Parks banning hammocks?

9:27 p.m. on October 6, 2015 (EDT)
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   So I was recently talking to a friend of mine about my latest hiking trip and telling him how my new hammock worked out for me and he told me something that took me aback. He said he heard on the radio that some state and national parks were banning the use of hammocks because they were supposedly damaging trees. I have never heard this and was wondering if anyone else knows anything about this.

   I can see hammocks damaging trees if someone uses to small of a tree or just cordage to hang their hammock. But with the right size tree and the right straps (like the ones that came with my Hennessy) there is no damage to the trees.

11:07 a.m. on October 7, 2015 (EDT)
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I am not sure why you have "never heard of this". Do you mean you haven't hear about damage to trees due to tying or hanging things on trees or do you mean you had not heard of the regulations.

But, yes, some parks indeed are restricting or outright banning the use of hammocks. I have seen trees in high use areas that were in fact damaged by tying ropes around the trees multiple times.

In areas of heavy use (like official campgrounds), damage to trees is common and readily visible. The worst is due to people putting nails (and, believe it or not, spikes) into trees to hang clothes, cook pots, etc on the trees. In areas where there is a lot of climbing, some climbers (usually inexperienced) tie their belay and rappel anchors to the trees, apparently never having learned or been taught about the tensionless wrap. And, yes, anchoring your hammock or tent (or clothesline) incorrectly can and does damage the trees.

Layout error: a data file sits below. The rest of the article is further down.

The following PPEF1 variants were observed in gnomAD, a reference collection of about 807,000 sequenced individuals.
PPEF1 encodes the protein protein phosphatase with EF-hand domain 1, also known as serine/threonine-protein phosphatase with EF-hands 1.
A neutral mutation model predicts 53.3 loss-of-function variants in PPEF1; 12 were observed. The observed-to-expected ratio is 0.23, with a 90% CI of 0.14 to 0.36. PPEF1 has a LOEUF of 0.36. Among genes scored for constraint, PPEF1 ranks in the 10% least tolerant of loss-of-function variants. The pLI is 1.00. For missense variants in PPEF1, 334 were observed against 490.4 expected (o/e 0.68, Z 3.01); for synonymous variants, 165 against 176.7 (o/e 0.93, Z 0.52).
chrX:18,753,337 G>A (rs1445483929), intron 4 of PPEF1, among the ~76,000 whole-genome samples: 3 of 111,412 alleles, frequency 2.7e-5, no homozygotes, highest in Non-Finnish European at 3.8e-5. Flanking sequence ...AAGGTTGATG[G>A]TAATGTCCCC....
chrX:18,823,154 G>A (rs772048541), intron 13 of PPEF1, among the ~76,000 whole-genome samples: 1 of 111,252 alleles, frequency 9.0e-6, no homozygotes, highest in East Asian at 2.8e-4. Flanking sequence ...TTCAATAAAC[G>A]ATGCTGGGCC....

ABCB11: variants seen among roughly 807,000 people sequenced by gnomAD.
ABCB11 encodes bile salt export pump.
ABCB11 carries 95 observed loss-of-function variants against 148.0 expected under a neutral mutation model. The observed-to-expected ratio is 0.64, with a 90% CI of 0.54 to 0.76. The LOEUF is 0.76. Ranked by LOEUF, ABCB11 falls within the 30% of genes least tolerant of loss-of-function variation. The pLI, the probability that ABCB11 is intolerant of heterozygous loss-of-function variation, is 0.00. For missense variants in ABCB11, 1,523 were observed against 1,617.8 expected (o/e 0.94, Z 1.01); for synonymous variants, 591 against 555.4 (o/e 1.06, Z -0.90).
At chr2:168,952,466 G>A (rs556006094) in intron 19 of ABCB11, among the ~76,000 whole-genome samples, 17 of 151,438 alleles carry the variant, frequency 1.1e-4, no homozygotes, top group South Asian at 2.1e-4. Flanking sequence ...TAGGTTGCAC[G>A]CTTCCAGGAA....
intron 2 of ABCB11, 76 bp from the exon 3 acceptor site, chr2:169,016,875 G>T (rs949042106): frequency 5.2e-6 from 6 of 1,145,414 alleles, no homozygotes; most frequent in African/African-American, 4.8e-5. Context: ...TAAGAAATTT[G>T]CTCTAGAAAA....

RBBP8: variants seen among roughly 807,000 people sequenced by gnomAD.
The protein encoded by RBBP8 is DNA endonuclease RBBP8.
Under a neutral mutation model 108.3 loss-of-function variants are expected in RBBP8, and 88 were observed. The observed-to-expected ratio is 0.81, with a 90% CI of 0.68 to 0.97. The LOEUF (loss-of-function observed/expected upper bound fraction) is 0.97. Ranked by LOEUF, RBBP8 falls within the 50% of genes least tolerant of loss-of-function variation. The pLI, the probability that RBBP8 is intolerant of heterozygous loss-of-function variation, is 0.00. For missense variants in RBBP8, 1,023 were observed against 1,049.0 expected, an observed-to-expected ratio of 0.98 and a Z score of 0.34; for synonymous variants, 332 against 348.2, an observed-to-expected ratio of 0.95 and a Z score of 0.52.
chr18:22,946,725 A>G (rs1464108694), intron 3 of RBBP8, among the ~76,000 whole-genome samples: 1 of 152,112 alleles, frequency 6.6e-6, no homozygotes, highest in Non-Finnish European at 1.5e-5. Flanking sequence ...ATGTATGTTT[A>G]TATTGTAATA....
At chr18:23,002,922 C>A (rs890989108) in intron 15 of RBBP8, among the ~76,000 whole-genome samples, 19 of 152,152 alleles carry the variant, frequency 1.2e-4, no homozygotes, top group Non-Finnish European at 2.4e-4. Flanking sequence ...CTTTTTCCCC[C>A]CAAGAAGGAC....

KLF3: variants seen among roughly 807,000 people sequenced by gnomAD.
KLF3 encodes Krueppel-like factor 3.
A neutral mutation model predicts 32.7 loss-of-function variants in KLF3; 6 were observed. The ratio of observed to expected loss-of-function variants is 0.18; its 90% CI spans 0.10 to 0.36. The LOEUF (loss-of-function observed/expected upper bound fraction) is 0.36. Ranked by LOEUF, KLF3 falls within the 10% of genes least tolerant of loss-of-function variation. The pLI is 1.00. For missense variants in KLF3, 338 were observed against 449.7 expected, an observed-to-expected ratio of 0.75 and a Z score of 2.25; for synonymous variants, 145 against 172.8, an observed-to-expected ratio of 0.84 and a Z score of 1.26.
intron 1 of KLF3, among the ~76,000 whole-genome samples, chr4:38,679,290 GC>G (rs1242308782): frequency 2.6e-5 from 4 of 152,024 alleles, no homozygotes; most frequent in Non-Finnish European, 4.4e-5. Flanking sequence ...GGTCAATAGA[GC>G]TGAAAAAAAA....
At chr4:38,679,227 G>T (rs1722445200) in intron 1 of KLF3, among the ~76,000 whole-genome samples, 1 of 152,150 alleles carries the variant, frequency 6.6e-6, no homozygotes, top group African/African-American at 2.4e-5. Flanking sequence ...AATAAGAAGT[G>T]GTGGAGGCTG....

The damage from tying rope or cord to a tree is due to the fact that the tree's circulation system (water and nutrients) lies just under the bark. In essence, if you attach a cord or rope incorrectly, you are choking the tree (think about a tight necktie, bandana, shirt collar, etc tightened around YOUR neck).

The key is to spread the load. Many hammock makers do include directions about spreading the load and protecting the tree. But some people just use a small diameter rope. YOU HAVE TO PAD THE TREE!!! I cannot emphasize this too much. Using 1 inch tubular webbing, or even 3 inch webbing is insufficient. You can reduce the pressure by wrapping webbing to provide a 5 inch or more width. If you are wrapping a rope, the rule of thumb for tensionless wraps is 4 or more turns around the tree. Here is one of many sets of instructions on the web.